Biographical entry Brookes, Victor Stanley (1920 - 2008)
MRCS 1943; FRCS 1949; MB ChB Birmingham 1943; LRCP 1943.
- 21 November 1920
- 16 September 2008
- General surgeon
Victor Stanley Brookes was an eminent Birmingham surgeon. His main surgical work was carried out at the Queen Elizabeth Hospital, where he was a consultant for 25 years up until his retirement. He was a generalist in the traditional fashion with special interests in gastroenterology and colo-rectal conditions, but also made an outstanding contribution in the field of surgical training, both regionally and nationally.
He obtained an honours degree in medicine at Birmingham University in 1943 and passed his FRCS in 1949. His National Service years, from 1945 to 1948, were spent mainly in France as a consultant surgeon in the RAMC and he became commanding officer of a military hospital, rising to the rank of captain and acting lieutenant colonel.
On returning home, he resumed his surgical training in 1950 by appointment as resident surgical officer at the Birmingham Children’s Hospital, where he developed expertise in paediatric surgery over the next five years. After completing his registrar and senior registrar posts at the Queen Elizabeth Hospital, Birmingham, he obtained his consultant post in general surgery, remaining there until his retirement in 1986, thus completing 36 years of surgical work at the Birmingham United Hospital.
During these years he gained a universal reputation for the proficiency of his surgical technique and the kindness and courtesy with which he treated his patients. He blossomed as a surgical teacher and his students gave open evidence of the benefits of his teaching, many of them subsequently following a surgical career; this group included many coming to Birmingham from abroad.
In addition to his surgical work, Victor was appointed by Birmingham University as a senior lecturer in surgery, giving an academic background to his work. He produced written articles and gave many lectures on topics of surgical technique, especially to the West Midlands Surgical Society, one of the earliest provincial societies of its type. Victor was also a member of the faculty board of medicine of Birmingham Medical School and took his faculty appointments seriously. For 20 years, leading up to his retirement, he was regional adviser to the College and met regularly with colleagues in London to advise on national aspects of surgical training.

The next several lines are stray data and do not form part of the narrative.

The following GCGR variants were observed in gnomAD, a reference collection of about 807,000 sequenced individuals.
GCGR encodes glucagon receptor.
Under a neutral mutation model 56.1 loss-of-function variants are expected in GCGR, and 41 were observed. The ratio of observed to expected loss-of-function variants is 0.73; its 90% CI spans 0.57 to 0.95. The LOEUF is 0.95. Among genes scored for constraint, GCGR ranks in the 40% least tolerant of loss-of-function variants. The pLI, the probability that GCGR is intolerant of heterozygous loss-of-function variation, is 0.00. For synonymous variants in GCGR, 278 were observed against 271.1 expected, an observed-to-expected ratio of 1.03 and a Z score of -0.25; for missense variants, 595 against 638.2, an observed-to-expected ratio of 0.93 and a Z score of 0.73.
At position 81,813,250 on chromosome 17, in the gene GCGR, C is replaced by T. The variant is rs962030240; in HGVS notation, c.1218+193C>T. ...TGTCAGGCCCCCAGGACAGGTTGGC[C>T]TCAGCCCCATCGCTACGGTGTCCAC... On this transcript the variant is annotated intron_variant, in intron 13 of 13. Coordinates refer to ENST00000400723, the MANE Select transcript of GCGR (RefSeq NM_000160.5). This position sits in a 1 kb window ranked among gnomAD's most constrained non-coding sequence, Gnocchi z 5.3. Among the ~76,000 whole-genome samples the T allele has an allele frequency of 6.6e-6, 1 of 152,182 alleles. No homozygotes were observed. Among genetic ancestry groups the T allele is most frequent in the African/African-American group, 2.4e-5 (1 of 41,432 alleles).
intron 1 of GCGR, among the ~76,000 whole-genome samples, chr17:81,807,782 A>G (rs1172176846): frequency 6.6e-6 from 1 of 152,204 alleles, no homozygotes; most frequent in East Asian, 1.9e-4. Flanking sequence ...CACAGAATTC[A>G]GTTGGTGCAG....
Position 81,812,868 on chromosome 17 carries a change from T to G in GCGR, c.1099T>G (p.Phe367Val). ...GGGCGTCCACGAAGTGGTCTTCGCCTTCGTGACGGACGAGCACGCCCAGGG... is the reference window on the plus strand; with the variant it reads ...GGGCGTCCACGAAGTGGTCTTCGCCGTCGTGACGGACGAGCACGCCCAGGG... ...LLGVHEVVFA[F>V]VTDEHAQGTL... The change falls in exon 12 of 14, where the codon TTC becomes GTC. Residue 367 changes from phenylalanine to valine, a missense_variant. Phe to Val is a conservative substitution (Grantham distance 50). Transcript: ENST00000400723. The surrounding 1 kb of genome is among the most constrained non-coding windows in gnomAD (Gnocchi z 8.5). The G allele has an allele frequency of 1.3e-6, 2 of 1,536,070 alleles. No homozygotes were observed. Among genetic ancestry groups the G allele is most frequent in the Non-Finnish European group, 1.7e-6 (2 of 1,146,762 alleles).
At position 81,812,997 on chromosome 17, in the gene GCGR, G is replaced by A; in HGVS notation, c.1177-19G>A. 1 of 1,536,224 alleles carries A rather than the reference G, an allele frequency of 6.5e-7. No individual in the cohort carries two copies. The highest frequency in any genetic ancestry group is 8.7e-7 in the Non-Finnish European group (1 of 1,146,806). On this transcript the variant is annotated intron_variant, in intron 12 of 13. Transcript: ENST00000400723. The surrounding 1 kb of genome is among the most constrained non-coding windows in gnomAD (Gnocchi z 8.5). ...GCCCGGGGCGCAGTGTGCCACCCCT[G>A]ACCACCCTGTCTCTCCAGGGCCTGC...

For 20 years he acted as a consultant surgeon and chief medical adviser to the West Midlands Police Force, with his own department at police headquarters, where he examined and treated police of all ranks. He performed a similar role for the West Midlands Fire Service.
In retrospect, Victor’s most significant contribution to training was arguably the establishment of the senior surgical registrars rotational training scheme, the first of its kind in the country. At the time of initiation 12 senior registrar posts were established in surgery in the West Midlands at the main teaching and district hospitals, with one year at each designated hospital, providing a four-year training programme and a regional committee controlled their placement. This pattern still persists, but with flexibility and additions, as all the hospitals involved are now designated as teaching hospitals, and the scheme is reinforced by annual interviews and reports to the College. It has been extended in recent years by the advent of academic posts at senior registrar grade. Victor introduced the scheme and ran it with aplomb until he retired. A similar scheme, but more diffused, has been developed for surgical registrars. As well as providing individual guidance to senior registrars, the scheme has served to unify the regional surgical services, strengthen the relationship between university and district hospitals, and improve the surgical treatment of patients throughout the West Midlands, in addition to serving as a model for other regions. It is a fitting tribute to Victor Brookes’ foresight.
Victor Brookes was married twice. His first wife, Rita, died of cancer. They had two children, Rosemary, who predeceased him, and David. He married for a second time, to Moira.
P Gilroy Bevan
Sources used to compile this entry: [BMJ 2009 339 2996].
The Royal College of Surgeons of England
Created: 7 August 2009